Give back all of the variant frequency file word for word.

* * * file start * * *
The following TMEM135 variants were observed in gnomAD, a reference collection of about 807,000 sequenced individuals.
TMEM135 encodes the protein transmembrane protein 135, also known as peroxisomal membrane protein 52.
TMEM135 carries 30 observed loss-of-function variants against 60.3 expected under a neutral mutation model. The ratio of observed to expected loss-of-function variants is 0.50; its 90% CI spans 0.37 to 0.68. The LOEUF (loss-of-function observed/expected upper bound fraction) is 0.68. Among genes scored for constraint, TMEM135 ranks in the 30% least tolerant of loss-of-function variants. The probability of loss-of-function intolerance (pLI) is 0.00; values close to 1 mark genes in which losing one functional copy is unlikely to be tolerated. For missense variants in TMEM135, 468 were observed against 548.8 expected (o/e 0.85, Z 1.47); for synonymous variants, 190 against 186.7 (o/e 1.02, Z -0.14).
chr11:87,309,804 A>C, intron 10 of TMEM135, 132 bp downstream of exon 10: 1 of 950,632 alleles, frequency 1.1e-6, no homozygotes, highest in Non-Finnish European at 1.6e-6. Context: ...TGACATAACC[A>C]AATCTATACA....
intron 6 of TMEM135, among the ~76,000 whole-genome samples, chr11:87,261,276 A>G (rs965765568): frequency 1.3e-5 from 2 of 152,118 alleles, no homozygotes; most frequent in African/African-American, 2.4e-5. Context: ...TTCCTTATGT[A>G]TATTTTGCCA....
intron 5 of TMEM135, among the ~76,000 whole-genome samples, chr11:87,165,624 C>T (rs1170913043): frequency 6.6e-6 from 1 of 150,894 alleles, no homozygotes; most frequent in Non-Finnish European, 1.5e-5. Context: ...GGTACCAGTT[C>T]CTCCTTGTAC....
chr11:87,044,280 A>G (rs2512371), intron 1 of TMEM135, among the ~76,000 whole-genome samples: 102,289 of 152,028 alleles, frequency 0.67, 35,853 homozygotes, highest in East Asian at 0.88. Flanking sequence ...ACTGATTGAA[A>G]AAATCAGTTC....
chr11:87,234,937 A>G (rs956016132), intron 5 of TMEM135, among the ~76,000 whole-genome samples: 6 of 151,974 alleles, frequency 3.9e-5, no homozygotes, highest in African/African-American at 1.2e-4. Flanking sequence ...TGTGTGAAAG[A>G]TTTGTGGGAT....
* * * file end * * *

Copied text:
The following TMEM135 variants were observed in gnomAD, a reference collection of about 807,000 sequenced individuals.
TMEM135 encodes the protein transmembrane protein 135, also known as peroxisomal membrane protein 52.
TMEM135 carries 30 observed loss-of-function variants against 60.3 expected under a neutral mutation model. The ratio of observed to expected loss-of-function variants is 0.50; its 90% CI spans 0.37 to 0.68. The LOEUF (loss-of-function observed/expected upper bound fraction) is 0.68. Among genes scored for constraint, TMEM135 ranks in the 30% least tolerant of loss-of-function variants. The probability of loss-of-function intolerance (pLI) is 0.00; values close to 1 mark genes in which losing one functional copy is unlikely to be tolerated. For missense variants in TMEM135, 468 were observed against 548.8 expected (o/e 0.85, Z 1.47); for synonymous variants, 190 against 186.7 (o/e 1.02, Z -0.14).
chr11:87,309,804 A>C, intron 10 of TMEM135, 132 bp downstream of exon 10: 1 of 950,632 alleles, frequency 1.1e-6, no homozygotes, highest in Non-Finnish European at 1.6e-6. Context: ...TGACATAACC[A>C]AATCTATACA....
intron 6 of TMEM135, among the ~76,000 whole-genome samples, chr11:87,261,276 A>G (rs965765568): frequency 1.3e-5 from 2 of 152,118 alleles, no homozygotes; most frequent in African/African-American, 2.4e-5. Context: ...TTCCTTATGT[A>G]TATTTTGCCA....
intron 5 of TMEM135, among the ~76,000 whole-genome samples, chr11:87,165,624 C>T (rs1170913043): frequency 6.6e-6 from 1 of 150,894 alleles, no homozygotes; most frequent in Non-Finnish European, 1.5e-5. Context: ...GGTACCAGTT[C>T]CTCCTTGTAC....
chr11:87,044,280 A>G (rs2512371), intron 1 of TMEM135, among the ~76,000 whole-genome samples: 102,289 of 152,028 alleles, frequency 0.67, 35,853 homozygotes, highest in East Asian at 0.88. Flanking sequence ...ACTGATTGAA[A>G]AAATCAGTTC....
chr11:87,234,937 A>G (rs956016132), intron 5 of TMEM135, among the ~76,000 whole-genome samples: 6 of 151,974 alleles, frequency 3.9e-5, no homozygotes, highest in African/African-American at 1.2e-4. Flanking sequence ...TGTGTGAAAG[A>G]TTTGTGGGAT....